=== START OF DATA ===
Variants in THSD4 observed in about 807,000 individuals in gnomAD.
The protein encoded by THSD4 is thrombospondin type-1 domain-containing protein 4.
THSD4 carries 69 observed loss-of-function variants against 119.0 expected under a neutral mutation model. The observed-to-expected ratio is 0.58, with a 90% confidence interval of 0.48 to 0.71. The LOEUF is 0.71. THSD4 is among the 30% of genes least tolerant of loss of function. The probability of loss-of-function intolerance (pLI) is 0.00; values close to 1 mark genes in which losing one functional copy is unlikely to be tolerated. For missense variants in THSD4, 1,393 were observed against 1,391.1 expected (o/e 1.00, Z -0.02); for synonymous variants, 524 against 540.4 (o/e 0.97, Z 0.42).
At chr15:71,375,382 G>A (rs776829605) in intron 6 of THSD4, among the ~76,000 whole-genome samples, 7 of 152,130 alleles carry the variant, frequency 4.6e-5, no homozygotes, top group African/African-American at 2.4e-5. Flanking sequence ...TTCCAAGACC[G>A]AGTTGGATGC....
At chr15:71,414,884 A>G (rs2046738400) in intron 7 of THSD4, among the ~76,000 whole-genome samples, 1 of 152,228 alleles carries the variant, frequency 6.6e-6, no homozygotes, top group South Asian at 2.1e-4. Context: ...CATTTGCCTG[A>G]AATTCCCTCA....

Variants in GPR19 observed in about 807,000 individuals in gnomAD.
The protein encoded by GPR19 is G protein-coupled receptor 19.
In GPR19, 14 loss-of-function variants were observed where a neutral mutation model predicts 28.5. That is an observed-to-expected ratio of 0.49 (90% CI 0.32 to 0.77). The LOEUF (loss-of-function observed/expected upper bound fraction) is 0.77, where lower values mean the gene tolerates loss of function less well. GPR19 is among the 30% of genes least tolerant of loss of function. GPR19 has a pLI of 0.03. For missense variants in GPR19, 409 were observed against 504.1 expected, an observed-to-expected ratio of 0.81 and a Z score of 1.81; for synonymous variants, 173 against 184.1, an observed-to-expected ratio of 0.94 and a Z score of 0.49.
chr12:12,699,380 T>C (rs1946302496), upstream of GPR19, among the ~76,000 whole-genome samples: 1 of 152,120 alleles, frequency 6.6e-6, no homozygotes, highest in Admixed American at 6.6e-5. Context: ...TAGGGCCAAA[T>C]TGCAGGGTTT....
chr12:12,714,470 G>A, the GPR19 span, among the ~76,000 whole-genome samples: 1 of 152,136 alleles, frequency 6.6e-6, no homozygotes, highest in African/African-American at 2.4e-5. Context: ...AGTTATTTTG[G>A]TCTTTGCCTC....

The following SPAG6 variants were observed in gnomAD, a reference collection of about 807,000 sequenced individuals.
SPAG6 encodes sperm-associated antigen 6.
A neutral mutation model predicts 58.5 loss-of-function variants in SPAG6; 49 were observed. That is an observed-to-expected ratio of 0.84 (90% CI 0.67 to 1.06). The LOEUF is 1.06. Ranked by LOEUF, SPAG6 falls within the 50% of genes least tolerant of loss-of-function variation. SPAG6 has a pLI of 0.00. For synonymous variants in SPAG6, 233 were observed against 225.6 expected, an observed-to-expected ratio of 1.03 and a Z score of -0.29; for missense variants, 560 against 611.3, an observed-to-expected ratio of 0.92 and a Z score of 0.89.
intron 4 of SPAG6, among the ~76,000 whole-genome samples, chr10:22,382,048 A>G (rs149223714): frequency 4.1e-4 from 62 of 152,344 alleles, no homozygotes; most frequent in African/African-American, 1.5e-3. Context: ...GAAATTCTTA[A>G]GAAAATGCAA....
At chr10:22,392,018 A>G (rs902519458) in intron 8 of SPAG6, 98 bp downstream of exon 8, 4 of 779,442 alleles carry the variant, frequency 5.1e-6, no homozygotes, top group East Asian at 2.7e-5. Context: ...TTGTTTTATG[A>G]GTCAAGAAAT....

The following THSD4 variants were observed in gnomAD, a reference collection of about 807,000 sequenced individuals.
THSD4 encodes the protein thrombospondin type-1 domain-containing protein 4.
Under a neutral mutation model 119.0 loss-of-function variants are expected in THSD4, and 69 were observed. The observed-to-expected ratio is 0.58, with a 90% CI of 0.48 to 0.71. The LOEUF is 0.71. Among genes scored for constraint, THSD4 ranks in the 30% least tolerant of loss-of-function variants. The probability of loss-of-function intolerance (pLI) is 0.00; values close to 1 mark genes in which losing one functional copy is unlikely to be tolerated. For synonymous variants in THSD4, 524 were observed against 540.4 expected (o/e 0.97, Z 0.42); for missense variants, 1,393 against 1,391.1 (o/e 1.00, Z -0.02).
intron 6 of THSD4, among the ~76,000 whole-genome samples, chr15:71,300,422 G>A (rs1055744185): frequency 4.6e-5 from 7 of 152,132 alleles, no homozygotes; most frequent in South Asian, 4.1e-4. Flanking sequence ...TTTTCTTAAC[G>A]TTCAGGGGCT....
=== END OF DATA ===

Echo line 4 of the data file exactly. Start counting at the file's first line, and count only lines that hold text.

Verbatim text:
At chr15:71,375,382 G>A (rs776829605) in intron 6 of THSD4, among the ~76,000 whole-genome samples, 7 of 152,130 alleles carry the variant, frequency 4.6e-5, no homozygotes, top group African/African-American at 2.4e-5. Flanking sequence ...TTCCAAGACC[G>A]AGTTGGATGC....